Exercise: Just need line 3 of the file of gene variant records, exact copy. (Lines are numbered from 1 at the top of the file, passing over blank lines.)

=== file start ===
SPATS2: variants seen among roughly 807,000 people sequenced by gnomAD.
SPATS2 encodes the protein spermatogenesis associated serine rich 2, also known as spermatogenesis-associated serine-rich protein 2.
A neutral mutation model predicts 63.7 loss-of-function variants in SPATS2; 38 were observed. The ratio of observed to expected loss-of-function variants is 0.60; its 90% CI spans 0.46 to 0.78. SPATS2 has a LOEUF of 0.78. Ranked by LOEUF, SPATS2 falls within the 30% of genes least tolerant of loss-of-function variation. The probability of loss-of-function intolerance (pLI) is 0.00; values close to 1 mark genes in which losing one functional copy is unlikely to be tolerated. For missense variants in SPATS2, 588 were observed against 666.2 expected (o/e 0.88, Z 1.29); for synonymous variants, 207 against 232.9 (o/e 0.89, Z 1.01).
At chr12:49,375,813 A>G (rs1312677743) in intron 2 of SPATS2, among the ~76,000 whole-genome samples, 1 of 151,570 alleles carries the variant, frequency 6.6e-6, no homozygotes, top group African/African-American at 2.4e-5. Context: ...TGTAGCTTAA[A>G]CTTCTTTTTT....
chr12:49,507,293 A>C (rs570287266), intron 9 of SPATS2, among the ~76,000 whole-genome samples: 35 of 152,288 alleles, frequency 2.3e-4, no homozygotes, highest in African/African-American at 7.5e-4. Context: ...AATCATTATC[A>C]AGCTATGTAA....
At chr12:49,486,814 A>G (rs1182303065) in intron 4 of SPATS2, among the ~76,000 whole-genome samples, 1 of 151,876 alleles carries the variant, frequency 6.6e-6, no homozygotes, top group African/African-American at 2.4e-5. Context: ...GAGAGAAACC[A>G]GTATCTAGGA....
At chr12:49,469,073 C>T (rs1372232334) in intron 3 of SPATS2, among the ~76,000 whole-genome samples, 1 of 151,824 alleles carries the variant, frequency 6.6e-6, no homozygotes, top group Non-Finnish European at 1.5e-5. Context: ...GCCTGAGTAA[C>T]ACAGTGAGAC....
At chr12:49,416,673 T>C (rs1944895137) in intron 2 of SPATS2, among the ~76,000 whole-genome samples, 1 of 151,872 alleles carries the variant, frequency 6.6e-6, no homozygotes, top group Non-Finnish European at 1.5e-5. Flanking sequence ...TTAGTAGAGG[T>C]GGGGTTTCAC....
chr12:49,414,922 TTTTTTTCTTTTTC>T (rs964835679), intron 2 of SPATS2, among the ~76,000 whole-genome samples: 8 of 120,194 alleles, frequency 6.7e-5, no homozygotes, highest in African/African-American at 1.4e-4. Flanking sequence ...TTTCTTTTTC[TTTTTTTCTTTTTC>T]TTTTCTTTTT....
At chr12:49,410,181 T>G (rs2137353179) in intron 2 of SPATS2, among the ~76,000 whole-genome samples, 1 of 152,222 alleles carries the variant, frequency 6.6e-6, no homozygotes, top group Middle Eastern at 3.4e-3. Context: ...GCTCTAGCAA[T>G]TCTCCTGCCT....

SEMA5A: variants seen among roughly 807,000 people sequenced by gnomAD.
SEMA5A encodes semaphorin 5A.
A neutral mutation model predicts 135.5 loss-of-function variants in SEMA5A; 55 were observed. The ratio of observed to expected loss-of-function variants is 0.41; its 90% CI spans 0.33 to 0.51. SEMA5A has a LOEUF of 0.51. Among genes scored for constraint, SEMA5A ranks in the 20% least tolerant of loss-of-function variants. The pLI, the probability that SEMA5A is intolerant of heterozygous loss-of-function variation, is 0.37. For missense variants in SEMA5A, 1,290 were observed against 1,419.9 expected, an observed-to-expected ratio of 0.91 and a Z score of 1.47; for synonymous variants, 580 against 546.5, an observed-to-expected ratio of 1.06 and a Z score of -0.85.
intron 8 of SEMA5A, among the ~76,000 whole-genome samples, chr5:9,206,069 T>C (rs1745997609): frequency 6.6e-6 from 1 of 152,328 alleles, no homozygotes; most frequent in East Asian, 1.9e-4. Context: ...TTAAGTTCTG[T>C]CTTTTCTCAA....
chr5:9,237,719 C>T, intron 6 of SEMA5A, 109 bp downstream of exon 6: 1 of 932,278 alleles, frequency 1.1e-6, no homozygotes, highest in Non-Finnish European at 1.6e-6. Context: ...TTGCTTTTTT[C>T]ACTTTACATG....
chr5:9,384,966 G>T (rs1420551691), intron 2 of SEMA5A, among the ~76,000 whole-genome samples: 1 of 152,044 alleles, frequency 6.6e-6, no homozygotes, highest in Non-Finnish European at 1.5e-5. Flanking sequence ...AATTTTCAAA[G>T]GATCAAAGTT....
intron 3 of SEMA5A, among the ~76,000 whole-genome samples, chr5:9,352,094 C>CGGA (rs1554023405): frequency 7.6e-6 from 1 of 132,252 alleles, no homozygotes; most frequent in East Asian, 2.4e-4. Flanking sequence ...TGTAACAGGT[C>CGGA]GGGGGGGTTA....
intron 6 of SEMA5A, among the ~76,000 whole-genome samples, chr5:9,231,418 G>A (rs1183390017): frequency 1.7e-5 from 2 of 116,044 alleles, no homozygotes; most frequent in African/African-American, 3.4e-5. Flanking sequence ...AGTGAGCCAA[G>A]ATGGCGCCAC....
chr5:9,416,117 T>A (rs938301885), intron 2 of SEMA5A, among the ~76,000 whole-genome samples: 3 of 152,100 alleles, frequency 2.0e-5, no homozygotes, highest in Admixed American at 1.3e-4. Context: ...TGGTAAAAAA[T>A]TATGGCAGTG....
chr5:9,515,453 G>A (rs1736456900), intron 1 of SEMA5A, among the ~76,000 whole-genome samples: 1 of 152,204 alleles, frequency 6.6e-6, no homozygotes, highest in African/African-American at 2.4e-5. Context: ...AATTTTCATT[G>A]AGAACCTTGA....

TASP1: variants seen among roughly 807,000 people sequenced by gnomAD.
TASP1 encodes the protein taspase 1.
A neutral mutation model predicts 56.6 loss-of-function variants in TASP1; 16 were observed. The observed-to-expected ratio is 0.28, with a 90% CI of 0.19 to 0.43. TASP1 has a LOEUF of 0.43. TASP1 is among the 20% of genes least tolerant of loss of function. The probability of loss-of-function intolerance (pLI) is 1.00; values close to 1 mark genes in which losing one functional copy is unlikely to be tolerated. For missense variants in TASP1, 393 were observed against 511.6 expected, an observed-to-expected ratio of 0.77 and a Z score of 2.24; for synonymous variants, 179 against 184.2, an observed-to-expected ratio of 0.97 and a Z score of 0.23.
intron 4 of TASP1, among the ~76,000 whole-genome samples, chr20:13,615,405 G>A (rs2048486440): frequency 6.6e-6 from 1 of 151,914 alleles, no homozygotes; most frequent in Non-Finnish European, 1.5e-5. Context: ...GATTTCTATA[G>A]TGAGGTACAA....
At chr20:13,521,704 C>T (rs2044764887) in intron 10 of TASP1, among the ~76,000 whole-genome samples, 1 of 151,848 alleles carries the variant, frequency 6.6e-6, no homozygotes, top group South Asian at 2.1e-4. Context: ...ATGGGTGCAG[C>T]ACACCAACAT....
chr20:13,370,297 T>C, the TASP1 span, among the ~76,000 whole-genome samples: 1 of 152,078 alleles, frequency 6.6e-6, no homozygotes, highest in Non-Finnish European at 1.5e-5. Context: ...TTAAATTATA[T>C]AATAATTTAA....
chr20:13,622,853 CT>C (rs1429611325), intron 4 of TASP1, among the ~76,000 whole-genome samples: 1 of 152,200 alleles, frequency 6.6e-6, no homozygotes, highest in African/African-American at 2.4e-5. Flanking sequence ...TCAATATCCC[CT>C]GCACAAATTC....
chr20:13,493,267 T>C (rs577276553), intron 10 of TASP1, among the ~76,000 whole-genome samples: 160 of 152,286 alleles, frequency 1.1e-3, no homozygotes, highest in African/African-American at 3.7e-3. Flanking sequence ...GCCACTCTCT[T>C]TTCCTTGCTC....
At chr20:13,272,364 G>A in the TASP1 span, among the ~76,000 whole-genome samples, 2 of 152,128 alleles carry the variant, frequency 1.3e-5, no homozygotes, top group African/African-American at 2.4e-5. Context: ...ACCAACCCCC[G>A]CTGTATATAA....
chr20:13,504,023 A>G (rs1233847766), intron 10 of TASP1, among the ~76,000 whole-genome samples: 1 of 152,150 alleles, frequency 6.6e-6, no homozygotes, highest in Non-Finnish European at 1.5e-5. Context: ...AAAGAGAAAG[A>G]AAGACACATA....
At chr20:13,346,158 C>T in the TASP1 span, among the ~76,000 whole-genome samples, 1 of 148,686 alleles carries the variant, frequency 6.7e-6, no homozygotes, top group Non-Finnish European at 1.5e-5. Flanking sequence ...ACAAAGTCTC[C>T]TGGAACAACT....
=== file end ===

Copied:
A neutral mutation model predicts 63.7 loss-of-function variants in SPATS2; 38 were observed. The ratio of observed to expected loss-of-function variants is 0.60; its 90% CI spans 0.46 to 0.78. SPATS2 has a LOEUF of 0.78. Ranked by LOEUF, SPATS2 falls within the 30% of genes least tolerant of loss-of-function variation. The probability of loss-of-function intolerance (pLI) is 0.00; values close to 1 mark genes in which losing one functional copy is unlikely to be tolerated. For missense variants in SPATS2, 588 were observed against 666.2 expected (o/e 0.88, Z 1.29); for synonymous variants, 207 against 232.9 (o/e 0.89, Z 1.01).